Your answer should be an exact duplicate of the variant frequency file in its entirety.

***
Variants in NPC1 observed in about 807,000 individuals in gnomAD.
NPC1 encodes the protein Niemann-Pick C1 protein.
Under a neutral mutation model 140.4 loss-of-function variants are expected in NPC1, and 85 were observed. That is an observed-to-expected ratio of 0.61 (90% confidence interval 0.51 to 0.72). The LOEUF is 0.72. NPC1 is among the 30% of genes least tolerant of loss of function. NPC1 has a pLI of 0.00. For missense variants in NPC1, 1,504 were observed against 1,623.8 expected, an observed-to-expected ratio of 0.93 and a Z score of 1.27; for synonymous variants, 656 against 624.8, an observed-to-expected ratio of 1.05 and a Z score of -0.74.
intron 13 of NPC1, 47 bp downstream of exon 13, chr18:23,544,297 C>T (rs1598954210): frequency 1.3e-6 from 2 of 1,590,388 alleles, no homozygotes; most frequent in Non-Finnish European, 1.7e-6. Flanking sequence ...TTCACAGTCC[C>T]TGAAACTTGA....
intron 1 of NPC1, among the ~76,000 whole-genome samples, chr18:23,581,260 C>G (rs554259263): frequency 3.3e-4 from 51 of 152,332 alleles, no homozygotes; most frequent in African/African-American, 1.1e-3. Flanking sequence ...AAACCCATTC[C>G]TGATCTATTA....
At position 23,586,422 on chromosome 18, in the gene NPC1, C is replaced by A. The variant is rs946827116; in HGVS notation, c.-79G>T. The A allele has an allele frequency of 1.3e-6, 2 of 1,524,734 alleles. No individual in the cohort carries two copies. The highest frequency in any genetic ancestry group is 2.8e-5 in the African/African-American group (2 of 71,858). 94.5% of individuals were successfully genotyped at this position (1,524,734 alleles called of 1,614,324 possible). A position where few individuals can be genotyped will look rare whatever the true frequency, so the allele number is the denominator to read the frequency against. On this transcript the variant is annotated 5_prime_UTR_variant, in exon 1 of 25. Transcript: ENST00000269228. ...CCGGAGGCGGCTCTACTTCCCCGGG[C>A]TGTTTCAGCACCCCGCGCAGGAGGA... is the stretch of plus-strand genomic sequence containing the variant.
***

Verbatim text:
Variants in NPC1 observed in about 807,000 individuals in gnomAD.
NPC1 encodes the protein Niemann-Pick C1 protein.
Under a neutral mutation model 140.4 loss-of-function variants are expected in NPC1, and 85 were observed. That is an observed-to-expected ratio of 0.61 (90% confidence interval 0.51 to 0.72). The LOEUF is 0.72. NPC1 is among the 30% of genes least tolerant of loss of function. NPC1 has a pLI of 0.00. For missense variants in NPC1, 1,504 were observed against 1,623.8 expected, an observed-to-expected ratio of 0.93 and a Z score of 1.27; for synonymous variants, 656 against 624.8, an observed-to-expected ratio of 1.05 and a Z score of -0.74.
intron 13 of NPC1, 47 bp downstream of exon 13, chr18:23,544,297 C>T (rs1598954210): frequency 1.3e-6 from 2 of 1,590,388 alleles, no homozygotes; most frequent in Non-Finnish European, 1.7e-6. Flanking sequence ...TTCACAGTCC[C>T]TGAAACTTGA....
intron 1 of NPC1, among the ~76,000 whole-genome samples, chr18:23,581,260 C>G (rs554259263): frequency 3.3e-4 from 51 of 152,332 alleles, no homozygotes; most frequent in African/African-American, 1.1e-3. Flanking sequence ...AAACCCATTC[C>G]TGATCTATTA....
At position 23,586,422 on chromosome 18, in the gene NPC1, C is replaced by A. The variant is rs946827116; in HGVS notation, c.-79G>T. The A allele has an allele frequency of 1.3e-6, 2 of 1,524,734 alleles. No individual in the cohort carries two copies. The highest frequency in any genetic ancestry group is 2.8e-5 in the African/African-American group (2 of 71,858). 94.5% of individuals were successfully genotyped at this position (1,524,734 alleles called of 1,614,324 possible). A position where few individuals can be genotyped will look rare whatever the true frequency, so the allele number is the denominator to read the frequency against. On this transcript the variant is annotated 5_prime_UTR_variant, in exon 1 of 25. Transcript: ENST00000269228. ...CCGGAGGCGGCTCTACTTCCCCGGG[C>A]TGTTTCAGCACCCCGCGCAGGAGGA... is the stretch of plus-strand genomic sequence containing the variant.